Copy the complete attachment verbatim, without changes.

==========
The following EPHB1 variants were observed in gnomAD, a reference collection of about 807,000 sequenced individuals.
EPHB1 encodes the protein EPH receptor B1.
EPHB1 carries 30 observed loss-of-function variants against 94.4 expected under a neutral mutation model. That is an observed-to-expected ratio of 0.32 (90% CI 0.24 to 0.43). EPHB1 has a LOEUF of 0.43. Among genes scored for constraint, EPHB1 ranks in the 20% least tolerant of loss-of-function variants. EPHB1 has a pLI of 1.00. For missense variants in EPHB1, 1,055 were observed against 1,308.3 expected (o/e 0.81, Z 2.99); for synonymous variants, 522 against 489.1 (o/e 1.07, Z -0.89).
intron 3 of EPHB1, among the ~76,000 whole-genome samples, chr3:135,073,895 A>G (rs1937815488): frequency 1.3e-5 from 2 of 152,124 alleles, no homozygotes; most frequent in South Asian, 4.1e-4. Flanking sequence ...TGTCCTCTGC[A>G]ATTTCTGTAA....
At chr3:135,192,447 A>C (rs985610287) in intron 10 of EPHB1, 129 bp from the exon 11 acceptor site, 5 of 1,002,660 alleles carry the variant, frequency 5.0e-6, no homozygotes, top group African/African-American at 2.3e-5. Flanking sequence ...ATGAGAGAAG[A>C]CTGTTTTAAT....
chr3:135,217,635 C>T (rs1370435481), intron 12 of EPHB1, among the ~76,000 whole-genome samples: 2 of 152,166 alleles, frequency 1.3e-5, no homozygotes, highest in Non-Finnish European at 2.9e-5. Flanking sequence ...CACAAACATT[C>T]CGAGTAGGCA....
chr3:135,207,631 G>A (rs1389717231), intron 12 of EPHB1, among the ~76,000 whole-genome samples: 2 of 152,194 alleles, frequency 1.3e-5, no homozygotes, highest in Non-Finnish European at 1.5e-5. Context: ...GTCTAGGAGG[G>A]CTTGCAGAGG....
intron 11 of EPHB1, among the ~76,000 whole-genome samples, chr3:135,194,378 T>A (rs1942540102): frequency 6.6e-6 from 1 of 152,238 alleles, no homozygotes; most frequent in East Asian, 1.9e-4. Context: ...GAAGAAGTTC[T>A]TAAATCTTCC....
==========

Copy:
The following EPHB1 variants were observed in gnomAD, a reference collection of about 807,000 sequenced individuals.
EPHB1 encodes the protein EPH receptor B1.
EPHB1 carries 30 observed loss-of-function variants against 94.4 expected under a neutral mutation model. That is an observed-to-expected ratio of 0.32 (90% CI 0.24 to 0.43). EPHB1 has a LOEUF of 0.43. Among genes scored for constraint, EPHB1 ranks in the 20% least tolerant of loss-of-function variants. EPHB1 has a pLI of 1.00. For missense variants in EPHB1, 1,055 were observed against 1,308.3 expected (o/e 0.81, Z 2.99); for synonymous variants, 522 against 489.1 (o/e 1.07, Z -0.89).
intron 3 of EPHB1, among the ~76,000 whole-genome samples, chr3:135,073,895 A>G (rs1937815488): frequency 1.3e-5 from 2 of 152,124 alleles, no homozygotes; most frequent in South Asian, 4.1e-4. Flanking sequence ...TGTCCTCTGC[A>G]ATTTCTGTAA....
At chr3:135,192,447 A>C (rs985610287) in intron 10 of EPHB1, 129 bp from the exon 11 acceptor site, 5 of 1,002,660 alleles carry the variant, frequency 5.0e-6, no homozygotes, top group African/African-American at 2.3e-5. Flanking sequence ...ATGAGAGAAG[A>C]CTGTTTTAAT....
chr3:135,217,635 C>T (rs1370435481), intron 12 of EPHB1, among the ~76,000 whole-genome samples: 2 of 152,166 alleles, frequency 1.3e-5, no homozygotes, highest in Non-Finnish European at 2.9e-5. Flanking sequence ...CACAAACATT[C>T]CGAGTAGGCA....
chr3:135,207,631 G>A (rs1389717231), intron 12 of EPHB1, among the ~76,000 whole-genome samples: 2 of 152,194 alleles, frequency 1.3e-5, no homozygotes, highest in Non-Finnish European at 1.5e-5. Context: ...GTCTAGGAGG[G>A]CTTGCAGAGG....
intron 11 of EPHB1, among the ~76,000 whole-genome samples, chr3:135,194,378 T>A (rs1942540102): frequency 6.6e-6 from 1 of 152,238 alleles, no homozygotes; most frequent in East Asian, 1.9e-4. Context: ...GAAGAAGTTC[T>A]TAAATCTTCC....